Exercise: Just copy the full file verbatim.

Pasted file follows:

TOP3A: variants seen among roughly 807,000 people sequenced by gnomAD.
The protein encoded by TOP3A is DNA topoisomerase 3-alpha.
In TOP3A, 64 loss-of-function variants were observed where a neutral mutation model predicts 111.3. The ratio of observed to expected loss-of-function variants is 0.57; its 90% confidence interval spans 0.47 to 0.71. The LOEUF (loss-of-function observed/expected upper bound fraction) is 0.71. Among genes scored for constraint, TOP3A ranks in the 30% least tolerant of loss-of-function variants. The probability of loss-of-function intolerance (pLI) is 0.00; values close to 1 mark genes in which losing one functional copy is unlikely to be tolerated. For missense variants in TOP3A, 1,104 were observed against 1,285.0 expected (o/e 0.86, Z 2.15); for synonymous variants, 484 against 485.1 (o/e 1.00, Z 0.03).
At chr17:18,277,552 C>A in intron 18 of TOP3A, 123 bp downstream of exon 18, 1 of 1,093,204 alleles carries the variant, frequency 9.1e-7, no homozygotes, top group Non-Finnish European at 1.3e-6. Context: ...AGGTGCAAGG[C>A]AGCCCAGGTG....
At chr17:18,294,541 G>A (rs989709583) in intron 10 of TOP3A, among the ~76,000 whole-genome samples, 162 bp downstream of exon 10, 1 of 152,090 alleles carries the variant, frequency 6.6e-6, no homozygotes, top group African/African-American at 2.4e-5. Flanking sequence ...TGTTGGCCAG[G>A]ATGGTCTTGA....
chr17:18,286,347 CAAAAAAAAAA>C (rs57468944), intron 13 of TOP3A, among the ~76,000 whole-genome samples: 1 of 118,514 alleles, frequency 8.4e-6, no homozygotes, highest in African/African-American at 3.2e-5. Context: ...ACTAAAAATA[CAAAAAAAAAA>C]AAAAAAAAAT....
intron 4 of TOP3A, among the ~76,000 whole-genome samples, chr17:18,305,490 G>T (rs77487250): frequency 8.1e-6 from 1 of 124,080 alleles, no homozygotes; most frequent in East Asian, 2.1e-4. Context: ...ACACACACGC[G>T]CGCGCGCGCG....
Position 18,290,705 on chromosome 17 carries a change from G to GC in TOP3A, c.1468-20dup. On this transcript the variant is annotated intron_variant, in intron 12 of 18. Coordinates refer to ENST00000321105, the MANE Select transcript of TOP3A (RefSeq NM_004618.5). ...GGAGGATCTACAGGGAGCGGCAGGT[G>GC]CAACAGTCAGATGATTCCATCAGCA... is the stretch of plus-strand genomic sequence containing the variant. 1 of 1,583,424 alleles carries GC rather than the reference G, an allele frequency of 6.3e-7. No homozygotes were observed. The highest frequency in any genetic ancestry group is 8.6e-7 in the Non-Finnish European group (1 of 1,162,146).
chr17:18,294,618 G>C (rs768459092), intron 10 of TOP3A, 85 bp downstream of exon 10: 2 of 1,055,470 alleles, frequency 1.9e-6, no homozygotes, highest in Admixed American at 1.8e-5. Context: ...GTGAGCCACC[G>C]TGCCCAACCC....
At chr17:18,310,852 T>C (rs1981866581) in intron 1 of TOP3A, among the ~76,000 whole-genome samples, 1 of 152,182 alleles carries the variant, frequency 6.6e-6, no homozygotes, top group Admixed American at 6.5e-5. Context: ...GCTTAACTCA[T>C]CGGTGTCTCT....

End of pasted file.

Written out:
TOP3A: variants seen among roughly 807,000 people sequenced by gnomAD.
The protein encoded by TOP3A is DNA topoisomerase 3-alpha.
In TOP3A, 64 loss-of-function variants were observed where a neutral mutation model predicts 111.3. The ratio of observed to expected loss-of-function variants is 0.57; its 90% confidence interval spans 0.47 to 0.71. The LOEUF (loss-of-function observed/expected upper bound fraction) is 0.71. Among genes scored for constraint, TOP3A ranks in the 30% least tolerant of loss-of-function variants. The probability of loss-of-function intolerance (pLI) is 0.00; values close to 1 mark genes in which losing one functional copy is unlikely to be tolerated. For missense variants in TOP3A, 1,104 were observed against 1,285.0 expected (o/e 0.86, Z 2.15); for synonymous variants, 484 against 485.1 (o/e 1.00, Z 0.03).
At chr17:18,277,552 C>A in intron 18 of TOP3A, 123 bp downstream of exon 18, 1 of 1,093,204 alleles carries the variant, frequency 9.1e-7, no homozygotes, top group Non-Finnish European at 1.3e-6. Context: ...AGGTGCAAGG[C>A]AGCCCAGGTG....
At chr17:18,294,541 G>A (rs989709583) in intron 10 of TOP3A, among the ~76,000 whole-genome samples, 162 bp downstream of exon 10, 1 of 152,090 alleles carries the variant, frequency 6.6e-6, no homozygotes, top group African/African-American at 2.4e-5. Flanking sequence ...TGTTGGCCAG[G>A]ATGGTCTTGA....
chr17:18,286,347 CAAAAAAAAAA>C (rs57468944), intron 13 of TOP3A, among the ~76,000 whole-genome samples: 1 of 118,514 alleles, frequency 8.4e-6, no homozygotes, highest in African/African-American at 3.2e-5. Context: ...ACTAAAAATA[CAAAAAAAAAA>C]AAAAAAAAAT....
intron 4 of TOP3A, among the ~76,000 whole-genome samples, chr17:18,305,490 G>T (rs77487250): frequency 8.1e-6 from 1 of 124,080 alleles, no homozygotes; most frequent in East Asian, 2.1e-4. Context: ...ACACACACGC[G>T]CGCGCGCGCG....
Position 18,290,705 on chromosome 17 carries a change from G to GC in TOP3A, c.1468-20dup. On this transcript the variant is annotated intron_variant, in intron 12 of 18. Coordinates refer to ENST00000321105, the MANE Select transcript of TOP3A (RefSeq NM_004618.5). ...GGAGGATCTACAGGGAGCGGCAGGT[G>GC]CAACAGTCAGATGATTCCATCAGCA... is the stretch of plus-strand genomic sequence containing the variant. 1 of 1,583,424 alleles carries GC rather than the reference G, an allele frequency of 6.3e-7. No homozygotes were observed. The highest frequency in any genetic ancestry group is 8.6e-7 in the Non-Finnish European group (1 of 1,162,146).
chr17:18,294,618 G>C (rs768459092), intron 10 of TOP3A, 85 bp downstream of exon 10: 2 of 1,055,470 alleles, frequency 1.9e-6, no homozygotes, highest in Admixed American at 1.8e-5. Context: ...GTGAGCCACC[G>C]TGCCCAACCC....
At chr17:18,310,852 T>C (rs1981866581) in intron 1 of TOP3A, among the ~76,000 whole-genome samples, 1 of 152,182 alleles carries the variant, frequency 6.6e-6, no homozygotes, top group Admixed American at 6.5e-5. Context: ...GCTTAACTCA[T>C]CGGTGTCTCT....